Except when a few high-profile diseases are involved, medical researchers these days are having increasing difficulty attracting participants for clinical trials that fuel the development of new drugs.
The shortage is the result, in part, of the changing nature of medicine as more emphasis is put on the development of “orphan drugs” - pharmaceutical agents geared to treat rare medical diseases or conditions.
These expensive drugs are often bioengineered to treat diseases - both rare and common - in narrowly focused and specific ways for particular groups of people rather than for broad populations. In contrast, such earlier-era drugs as penicillin or Tamiflu work the same way for all sufferers of the infections or flu those drugs are designed to fight.
Federal laws and tax credits help offset the lack of marketability. Since 1983 more than 200 drugs and biological products have appeared on the market. Among recent ones is Xenazine (tetrabenazine), the first one approved in the U.S. to ease the jerky, involuntary muscle movement that accompanies Huntington’s disease.
While the huge amount of money being poured into orphan-drug research offsets the lack of human participation somewhat, the difficulty in finding appropriate subjects on which to test the drugs has resulted in manufacturing delays.
“It’s not lack of patient willingness but because many of the diseases being studied today involve smaller and more targeted populations - some for a specific [product] only shown to be needed in a smaller, more targeted subset,” said Kenneth Getz, a Tufts University School of Medicine research fellow and founder/chairman of the Center for Information and Study on Clinical Research Participation.
He also said that getting patients to learn about the trials is “a communications challenge,” especially in the cluttered Internet age.
Lisa Pacitto, director of marketing and patient services for MassResearch in Waltham, Mass., agreed, saying “it seems there are more trials out there that are waiting to be done than there are public volunteers clamoring to do it.”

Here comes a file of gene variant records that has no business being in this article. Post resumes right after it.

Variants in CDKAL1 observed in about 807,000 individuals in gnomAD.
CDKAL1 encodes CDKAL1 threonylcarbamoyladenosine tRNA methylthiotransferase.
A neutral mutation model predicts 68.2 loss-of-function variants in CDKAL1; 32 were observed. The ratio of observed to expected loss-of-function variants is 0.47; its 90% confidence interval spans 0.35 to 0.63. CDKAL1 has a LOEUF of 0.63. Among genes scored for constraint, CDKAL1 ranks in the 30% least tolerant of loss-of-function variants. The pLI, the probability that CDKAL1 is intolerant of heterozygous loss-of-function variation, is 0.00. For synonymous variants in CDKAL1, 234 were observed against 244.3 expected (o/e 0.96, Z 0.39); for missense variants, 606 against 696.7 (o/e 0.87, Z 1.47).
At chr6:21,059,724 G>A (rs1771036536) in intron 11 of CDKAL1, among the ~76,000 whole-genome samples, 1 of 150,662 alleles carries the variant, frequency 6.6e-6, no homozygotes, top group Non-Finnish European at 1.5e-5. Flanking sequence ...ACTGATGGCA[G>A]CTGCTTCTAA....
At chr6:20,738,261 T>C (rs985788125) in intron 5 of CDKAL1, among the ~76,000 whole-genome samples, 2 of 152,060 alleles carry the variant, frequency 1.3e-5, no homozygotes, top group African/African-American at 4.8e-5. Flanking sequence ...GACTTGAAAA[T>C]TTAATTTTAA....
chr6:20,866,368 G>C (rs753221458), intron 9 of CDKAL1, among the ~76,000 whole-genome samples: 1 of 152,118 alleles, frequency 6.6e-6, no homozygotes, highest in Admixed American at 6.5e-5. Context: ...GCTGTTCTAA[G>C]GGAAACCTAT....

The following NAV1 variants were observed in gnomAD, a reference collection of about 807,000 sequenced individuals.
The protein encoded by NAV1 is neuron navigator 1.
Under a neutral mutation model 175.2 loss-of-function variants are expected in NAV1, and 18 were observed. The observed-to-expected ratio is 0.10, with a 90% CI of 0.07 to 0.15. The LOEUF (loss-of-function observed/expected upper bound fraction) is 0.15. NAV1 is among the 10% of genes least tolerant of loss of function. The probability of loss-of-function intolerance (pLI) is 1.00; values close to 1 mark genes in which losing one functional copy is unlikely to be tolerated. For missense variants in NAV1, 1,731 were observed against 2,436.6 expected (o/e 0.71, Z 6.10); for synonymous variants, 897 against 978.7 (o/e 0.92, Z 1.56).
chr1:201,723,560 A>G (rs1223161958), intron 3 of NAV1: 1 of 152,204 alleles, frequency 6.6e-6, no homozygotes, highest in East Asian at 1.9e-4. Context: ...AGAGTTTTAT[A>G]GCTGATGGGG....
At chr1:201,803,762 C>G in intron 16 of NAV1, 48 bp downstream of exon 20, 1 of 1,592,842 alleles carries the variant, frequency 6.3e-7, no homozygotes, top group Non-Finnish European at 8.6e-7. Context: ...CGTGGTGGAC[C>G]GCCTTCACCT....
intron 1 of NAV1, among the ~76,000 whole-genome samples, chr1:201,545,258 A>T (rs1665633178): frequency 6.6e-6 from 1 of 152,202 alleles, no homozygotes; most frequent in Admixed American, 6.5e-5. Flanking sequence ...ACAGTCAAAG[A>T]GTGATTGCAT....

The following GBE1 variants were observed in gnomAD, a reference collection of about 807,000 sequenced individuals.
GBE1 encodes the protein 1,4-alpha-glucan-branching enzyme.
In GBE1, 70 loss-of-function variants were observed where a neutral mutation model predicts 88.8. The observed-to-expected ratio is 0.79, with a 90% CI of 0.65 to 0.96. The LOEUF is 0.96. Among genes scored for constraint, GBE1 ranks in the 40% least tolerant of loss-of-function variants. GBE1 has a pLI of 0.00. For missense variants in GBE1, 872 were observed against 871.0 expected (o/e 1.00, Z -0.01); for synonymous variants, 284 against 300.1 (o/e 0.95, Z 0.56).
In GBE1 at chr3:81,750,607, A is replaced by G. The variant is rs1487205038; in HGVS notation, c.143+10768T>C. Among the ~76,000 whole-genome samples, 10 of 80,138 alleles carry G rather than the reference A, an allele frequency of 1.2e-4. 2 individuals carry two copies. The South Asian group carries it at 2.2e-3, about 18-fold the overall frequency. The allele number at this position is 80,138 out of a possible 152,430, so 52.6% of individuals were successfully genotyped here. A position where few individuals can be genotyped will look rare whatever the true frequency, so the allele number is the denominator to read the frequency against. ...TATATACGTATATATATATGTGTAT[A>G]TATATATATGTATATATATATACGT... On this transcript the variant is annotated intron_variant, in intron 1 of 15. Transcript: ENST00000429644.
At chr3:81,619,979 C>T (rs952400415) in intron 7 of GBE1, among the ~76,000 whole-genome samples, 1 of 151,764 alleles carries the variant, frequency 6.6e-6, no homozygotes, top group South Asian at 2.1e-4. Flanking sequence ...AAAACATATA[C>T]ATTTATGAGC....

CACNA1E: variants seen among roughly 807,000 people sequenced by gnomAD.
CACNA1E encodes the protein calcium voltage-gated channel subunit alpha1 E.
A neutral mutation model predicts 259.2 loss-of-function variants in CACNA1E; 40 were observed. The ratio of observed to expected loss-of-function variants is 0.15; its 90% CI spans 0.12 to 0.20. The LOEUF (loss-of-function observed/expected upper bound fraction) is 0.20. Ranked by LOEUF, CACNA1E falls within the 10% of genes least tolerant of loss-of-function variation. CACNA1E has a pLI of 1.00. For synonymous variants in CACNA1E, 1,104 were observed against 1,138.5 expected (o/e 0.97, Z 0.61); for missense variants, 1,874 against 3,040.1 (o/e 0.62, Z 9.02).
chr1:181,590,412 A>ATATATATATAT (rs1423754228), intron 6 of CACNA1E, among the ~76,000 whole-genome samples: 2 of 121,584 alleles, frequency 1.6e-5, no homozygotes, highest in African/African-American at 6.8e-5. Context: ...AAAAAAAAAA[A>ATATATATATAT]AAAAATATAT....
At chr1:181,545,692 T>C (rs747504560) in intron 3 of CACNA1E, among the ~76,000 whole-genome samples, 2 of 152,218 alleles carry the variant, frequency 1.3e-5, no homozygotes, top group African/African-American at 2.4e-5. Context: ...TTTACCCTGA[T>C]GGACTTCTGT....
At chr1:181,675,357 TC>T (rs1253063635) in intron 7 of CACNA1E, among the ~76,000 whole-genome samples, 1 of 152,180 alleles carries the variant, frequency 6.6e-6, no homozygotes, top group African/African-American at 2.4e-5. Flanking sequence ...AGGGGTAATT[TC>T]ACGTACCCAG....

Even when a drug or treatment under study is highly desirable, that doesn’t necessarily guarantee easy recruitment, Ms. Pacitto said.
“Overall, people can have a bad perception of clinical trials because of that word ‘guinea pig,’ ” she said.
Nurse Consultant Andrea Denicoff, who studies patient recruitment for the National Institutes of Health’s National Cancer Institute, said patients may want to try a new treatment but “when you get down to why they don’t do it, there are practical reasons. Either the studies aren’t near their home or their health insurance doesn’t provide coverage.”
Food and Drug Administration-regulated trials are increasingly being done outside the U.S. or Europe to save on staff labor costs and to locate a less-medicated population that is more ideal for drug testing. But this can cause more problems in getting drugs to patients.
“Clinical trials are complex and can involve more countries and regulatory agencies around the world,” Mr. Getz said.
While the FDA has approved more drugs for testing on human subjects, the actual number of new drugs reaching the public has been declining, whether from lack of FDA approval or from manufacturers deciding not to market a federally-approved drug.
Surveys done by Center for Information and Study on Clinical Research Participation showed that only 51 percent of respondents in 2008 called clinical research trials “somewhat” safe, down from a high of 55 percent in 2005.
Two million Americans participate each year in 4,000 studies, according to Mr. Getz.
When diseases such as seasonal or swine flu or medical issues surrounding a noted public personality receive media attention, researchers often have no problem attracting candidates to join clinical trials. A notable scarcity of a vaccine, as happened this year with the H1N1 flu vaccine, also drives up numbers.